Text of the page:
January 29, 2016

The Finest Hours Storm of February 17, 1952

A weather-related movie opened today, one I saw earlier this week at a studio preview: the Finest Hours, the story of an extraordinary rescue of the crew of a tanker that split in two off the coast of Cape Cod on February 17-18, 1952 during a very powerful nor'easter.

In this movie, Coast Guardsman Bernard Webber and three volunteers headed offshore near Chatham, Massachusetts in a 36-foot wooden motorized lifeboat in 60-foot seas and 70-knot winds, rescuing 32 crewmen from the stricken tank vessel Pendleton.

This was a very strong storm, noted for heavy snowfall offshore and destruction of not one, but TWO, World War II era ships in the offshore waters.  As a meteorologist, I was curious about this powerful cyclone and tried to find some weather information.   Let me show you what I found.

Turning to the NOAA/NWS historical surface map website, I first found the surface chart for 7 AM Sunday, Feb. 17th (see below).    This map shows the fronts, sea level pressure, and areas of precipitation (shaded).  You will note a weak low along the Delaware coast, with a central pressure of around 1004 hPa.

One day later, the storm had exploded, deepening in to an intense midlatitude cyclone with the central pressure dropping to around 977 hPa (below is a general and close-up view).  That is 27 hPa in 24 hr, which means this storm can be classified as an explosive deepener or bomb.    Explosive deepeners are defined as storms that intense more than 24 hPa in a day.  The low at this time is just south of Cape Cod, with heavy snow and strong winds over coastal Massachusetts. 12-30 inches of snow accumulated with 43 weather-related deaths.

At the Boston Airport (some distance from the strongest winds), sustained winds hit 50 mph and the gusts would have hit 60-70 mph.   Worse over the water.  Pressure dropped to 989 hPa at Boston, with temperatures in the lower 30s,

Snow was intense NE of the low center;  as shown below, Portland Maine had it 4th worst snow event in the entire observational record:

1) 31.9" Feb. 8-9, 2013
2) 27.1" Jan. 17-18, 1979
3) 25.3" Feb. 17-18, 1952
4) 23.8" Jan 26-28, 2015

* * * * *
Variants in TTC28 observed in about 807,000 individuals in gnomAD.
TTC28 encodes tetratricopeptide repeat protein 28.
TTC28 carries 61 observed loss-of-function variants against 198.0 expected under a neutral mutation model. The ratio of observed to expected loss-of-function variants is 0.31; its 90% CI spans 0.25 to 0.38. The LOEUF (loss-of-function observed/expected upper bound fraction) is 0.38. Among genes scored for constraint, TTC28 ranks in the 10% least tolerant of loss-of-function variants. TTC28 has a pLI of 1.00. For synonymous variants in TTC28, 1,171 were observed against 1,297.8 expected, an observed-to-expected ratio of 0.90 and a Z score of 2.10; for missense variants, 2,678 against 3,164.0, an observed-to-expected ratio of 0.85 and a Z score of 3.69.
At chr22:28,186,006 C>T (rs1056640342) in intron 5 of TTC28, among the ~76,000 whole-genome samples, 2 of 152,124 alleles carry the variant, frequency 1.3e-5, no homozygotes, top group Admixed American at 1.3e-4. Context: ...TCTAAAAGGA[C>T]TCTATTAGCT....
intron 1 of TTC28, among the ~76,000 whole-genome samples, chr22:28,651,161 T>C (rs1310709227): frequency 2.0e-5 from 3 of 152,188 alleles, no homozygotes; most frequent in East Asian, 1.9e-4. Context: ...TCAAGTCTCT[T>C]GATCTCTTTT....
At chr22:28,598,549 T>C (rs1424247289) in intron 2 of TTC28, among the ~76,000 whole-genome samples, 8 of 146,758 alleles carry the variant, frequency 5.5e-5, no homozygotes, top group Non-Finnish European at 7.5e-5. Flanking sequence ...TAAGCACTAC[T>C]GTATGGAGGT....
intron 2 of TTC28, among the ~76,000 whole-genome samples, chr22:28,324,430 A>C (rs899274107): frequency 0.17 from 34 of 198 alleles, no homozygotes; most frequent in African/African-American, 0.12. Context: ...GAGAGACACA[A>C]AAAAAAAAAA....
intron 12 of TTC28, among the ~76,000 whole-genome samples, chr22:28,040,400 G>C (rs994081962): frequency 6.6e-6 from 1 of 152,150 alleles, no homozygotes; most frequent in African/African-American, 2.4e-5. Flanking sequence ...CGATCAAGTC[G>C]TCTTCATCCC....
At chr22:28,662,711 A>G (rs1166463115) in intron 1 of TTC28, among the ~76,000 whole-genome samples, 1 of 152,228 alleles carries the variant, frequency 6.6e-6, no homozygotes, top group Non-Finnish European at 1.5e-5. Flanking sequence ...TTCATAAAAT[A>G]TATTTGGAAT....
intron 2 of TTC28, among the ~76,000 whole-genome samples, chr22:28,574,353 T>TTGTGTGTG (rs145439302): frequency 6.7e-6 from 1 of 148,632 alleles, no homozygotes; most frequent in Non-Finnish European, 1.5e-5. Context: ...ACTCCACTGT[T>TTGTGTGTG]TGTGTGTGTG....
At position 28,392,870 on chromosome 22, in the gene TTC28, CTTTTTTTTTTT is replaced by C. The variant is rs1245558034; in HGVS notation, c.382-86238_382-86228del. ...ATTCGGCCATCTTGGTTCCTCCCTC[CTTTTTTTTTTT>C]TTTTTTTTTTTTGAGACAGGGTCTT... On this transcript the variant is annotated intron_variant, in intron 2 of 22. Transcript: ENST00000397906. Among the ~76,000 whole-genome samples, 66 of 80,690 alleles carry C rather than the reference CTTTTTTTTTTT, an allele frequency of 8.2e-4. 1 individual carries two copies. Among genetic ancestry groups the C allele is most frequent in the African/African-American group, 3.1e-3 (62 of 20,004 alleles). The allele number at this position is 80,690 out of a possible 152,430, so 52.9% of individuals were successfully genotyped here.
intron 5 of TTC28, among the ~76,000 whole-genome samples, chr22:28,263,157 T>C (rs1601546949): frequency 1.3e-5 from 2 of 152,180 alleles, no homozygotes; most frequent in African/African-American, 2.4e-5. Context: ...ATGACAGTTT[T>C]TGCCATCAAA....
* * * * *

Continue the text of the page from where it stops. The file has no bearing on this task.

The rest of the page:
The upper level flow pattern (500 hPa, around 18,000 ft) showed a sharp trough over the eastern US on Sunday AM:
The upper trough rapidly deepened into an amazingly intense upper level low over the next 24 h.

There was no weather satellites or operational weather radars during that period....sorry.

The Feb 1952 was a powerful storm and certainly in the top 50 for nor'easter events.  But it was't in the first tier and certainly far weaker than Sandy or other mega-events.

Movie Comments:   A B picture which starts VERY slowly with a boring relationship angle.  Not much talk about meteorology.   A shame really.


  1. Regarder THE FINEST HOURS Full Film : http://thefinesthours.org

  2. Hi Cliff,
    It would be interesting to see a similar analysis of the conditions when the Edmund Fitzgerald sunk on Lake Superior

    There is a great song about that too-

    Thanks, Isaac

  3. 4th worst but, looking at the dates, worst up to that point.

  4. Cliff, I believe the Standard Hollywood Screenwriter software template includes the Troubled Relationship Story module by default. It can be swapped out for the Misunderstood Teen Loner module or the Tragic Father Figure Three Days From Retirement module or the Plucky and Talented Teenage Girl With a Dream module, but not removed entirely.

    I kid, I kid... I think.

  5. I am impressed that they gathered that much sophisticated weather data at that time, actually. The wreck of the Edmund Fitzgerald is made more impressive (and tragic) to me by the fact that it happened much more recently than you'd guess... it was fresh news when Gordon Lightfoot wrote that song. I really don't understand why the captain decided to go out into that storm so heavily laden; they must have known it was coming? Maybe the weather there is always so potentially threatening in the winter that you just have to go or you'll never go.


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